# What is the antiderivative of (x+2)/(x+1)?

Jan 28, 2016

$x + \ln \left\mid x + 1 \right\mid + C$

#### Explanation:

Using substitution:

Set $u = x + 1$. This means that $x = u - 1$ and $\mathrm{du} = \mathrm{dx}$.

$\int \frac{x + 2}{x + 1} \mathrm{dx} = \int \frac{\left(u - 1\right) + 2}{u} \mathrm{du} = \int \frac{u + 1}{u} \mathrm{du}$

$= \int 1 + \frac{1}{u} \mathrm{du} = u + \ln u + C = x + 1 + \ln \left\mid x + 1 \right\mid + C$

The constant $1$ is absorbed into the $C$, so the antiderivative is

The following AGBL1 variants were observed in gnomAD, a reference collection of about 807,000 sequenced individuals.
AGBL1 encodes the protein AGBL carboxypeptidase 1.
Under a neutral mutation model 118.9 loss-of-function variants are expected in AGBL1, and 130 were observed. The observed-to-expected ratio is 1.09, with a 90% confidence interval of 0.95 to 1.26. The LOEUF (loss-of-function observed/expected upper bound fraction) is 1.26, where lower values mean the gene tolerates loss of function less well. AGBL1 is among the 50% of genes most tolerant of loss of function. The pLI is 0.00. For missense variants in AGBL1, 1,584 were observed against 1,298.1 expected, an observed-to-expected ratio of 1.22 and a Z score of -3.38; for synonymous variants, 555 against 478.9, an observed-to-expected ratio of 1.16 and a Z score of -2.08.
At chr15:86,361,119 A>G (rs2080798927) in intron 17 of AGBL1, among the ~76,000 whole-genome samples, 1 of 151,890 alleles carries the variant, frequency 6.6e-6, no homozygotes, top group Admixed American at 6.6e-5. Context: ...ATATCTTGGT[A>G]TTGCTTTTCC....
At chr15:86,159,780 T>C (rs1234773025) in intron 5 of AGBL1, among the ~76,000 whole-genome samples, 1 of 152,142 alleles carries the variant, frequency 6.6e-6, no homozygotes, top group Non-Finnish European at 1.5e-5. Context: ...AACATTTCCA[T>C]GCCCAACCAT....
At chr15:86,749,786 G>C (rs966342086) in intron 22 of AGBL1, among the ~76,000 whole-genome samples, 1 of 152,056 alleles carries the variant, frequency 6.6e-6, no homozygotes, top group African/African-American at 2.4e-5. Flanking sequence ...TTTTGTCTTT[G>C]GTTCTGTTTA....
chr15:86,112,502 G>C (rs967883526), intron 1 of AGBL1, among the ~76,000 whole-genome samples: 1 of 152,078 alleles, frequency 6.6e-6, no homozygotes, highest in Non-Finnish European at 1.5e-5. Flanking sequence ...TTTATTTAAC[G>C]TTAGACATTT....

$x + \ln \left\mid x + 1 \right\mid + C$

Using another more intuitive approach:

$\int \frac{x + 2}{x + 1} \mathrm{dx} = \int \frac{x + 1 + 1}{x + 1} \mathrm{dx} = \int \frac{x + 1}{x + 1} + \frac{1}{x + 1} \mathrm{dx}$

$= \int 1 + \frac{1}{x + 1} \mathrm{dx}$

Again, substitution can be applied or you could realize that the derivative of $x + 1$ is $1$, so $\int \frac{1}{x + 1} \mathrm{dx}$ is $\ln \left\mid x + 1 \right\mid$ and $\int \mathrm{dx} = x$.

Instead of using the method of splitting $x + 2$ into $x + 1 + 1$, polynomial long division confirms that $\frac{x + 2}{x + 1} = 1 + \frac{1}{x + 1}$. Polynomial long division is always a good approach when the degree of the numerator equals the degree of the denominator.